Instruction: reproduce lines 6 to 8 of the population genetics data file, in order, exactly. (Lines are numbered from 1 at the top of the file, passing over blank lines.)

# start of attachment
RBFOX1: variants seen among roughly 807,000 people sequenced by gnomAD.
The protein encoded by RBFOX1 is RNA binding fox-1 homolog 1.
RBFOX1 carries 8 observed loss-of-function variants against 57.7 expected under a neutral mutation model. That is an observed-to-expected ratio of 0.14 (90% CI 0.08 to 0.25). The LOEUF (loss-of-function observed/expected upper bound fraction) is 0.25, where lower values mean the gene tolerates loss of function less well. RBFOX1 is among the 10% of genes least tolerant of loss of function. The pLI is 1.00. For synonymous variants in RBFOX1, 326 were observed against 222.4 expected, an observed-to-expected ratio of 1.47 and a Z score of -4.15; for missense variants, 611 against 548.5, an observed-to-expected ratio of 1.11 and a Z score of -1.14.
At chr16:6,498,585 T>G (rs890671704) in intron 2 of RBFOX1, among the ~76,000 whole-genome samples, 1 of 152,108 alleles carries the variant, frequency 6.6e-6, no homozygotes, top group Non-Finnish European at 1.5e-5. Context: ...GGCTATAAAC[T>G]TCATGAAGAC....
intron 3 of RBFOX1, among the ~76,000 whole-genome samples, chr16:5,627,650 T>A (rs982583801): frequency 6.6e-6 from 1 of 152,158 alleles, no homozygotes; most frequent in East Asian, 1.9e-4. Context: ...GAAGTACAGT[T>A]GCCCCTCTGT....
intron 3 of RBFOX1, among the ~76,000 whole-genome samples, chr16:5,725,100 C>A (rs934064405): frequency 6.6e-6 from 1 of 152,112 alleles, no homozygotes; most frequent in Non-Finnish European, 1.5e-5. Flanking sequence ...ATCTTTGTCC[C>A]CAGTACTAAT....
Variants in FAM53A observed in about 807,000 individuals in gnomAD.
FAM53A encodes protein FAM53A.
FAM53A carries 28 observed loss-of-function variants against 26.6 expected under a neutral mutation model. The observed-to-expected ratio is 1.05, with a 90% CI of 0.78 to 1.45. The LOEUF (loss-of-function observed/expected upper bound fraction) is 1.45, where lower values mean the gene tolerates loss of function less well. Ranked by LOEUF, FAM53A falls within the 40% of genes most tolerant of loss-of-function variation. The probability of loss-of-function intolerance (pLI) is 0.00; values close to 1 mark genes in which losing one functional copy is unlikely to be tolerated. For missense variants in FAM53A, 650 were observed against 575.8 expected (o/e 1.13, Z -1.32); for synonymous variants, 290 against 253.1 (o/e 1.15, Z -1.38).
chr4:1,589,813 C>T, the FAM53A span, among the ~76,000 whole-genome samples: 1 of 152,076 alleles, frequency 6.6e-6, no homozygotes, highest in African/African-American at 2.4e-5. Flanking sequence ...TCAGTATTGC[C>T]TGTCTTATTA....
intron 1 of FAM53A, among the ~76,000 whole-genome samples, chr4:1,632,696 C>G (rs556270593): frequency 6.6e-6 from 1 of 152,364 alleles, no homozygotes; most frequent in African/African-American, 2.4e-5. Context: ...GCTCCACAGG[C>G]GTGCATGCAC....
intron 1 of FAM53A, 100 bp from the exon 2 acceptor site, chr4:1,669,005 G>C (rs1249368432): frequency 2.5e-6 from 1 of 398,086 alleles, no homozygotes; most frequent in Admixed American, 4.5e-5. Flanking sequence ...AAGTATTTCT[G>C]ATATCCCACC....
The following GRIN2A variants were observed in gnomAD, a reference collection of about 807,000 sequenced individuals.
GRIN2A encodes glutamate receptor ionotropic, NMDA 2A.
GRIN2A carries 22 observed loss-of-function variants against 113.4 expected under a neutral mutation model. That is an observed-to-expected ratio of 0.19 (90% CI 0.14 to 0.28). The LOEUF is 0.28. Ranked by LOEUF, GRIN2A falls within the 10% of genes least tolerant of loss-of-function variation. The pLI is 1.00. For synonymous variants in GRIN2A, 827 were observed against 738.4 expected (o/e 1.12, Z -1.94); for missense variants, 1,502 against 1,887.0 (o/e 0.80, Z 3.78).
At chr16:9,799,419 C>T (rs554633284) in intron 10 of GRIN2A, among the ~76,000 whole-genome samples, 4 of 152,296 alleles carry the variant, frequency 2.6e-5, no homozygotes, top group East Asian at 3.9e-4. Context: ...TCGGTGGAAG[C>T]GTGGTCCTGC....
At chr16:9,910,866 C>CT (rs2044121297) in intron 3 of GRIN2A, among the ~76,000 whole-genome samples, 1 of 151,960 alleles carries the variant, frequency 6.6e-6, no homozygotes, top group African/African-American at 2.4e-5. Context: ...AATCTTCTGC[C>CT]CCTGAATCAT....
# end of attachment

intron 3 of RBFOX1, among the ~76,000 whole-genome samples, chr16:5,725,100 C>A (rs934064405): frequency 6.6e-6 from 1 of 152,112 alleles, no homozygotes; most frequent in Non-Finnish European, 1.5e-5. Flanking sequence ...ATCTTTGTCC[C>A]CAGTACTAAT....
Variants in FAM53A observed in about 807,000 individuals in gnomAD.
FAM53A encodes protein FAM53A.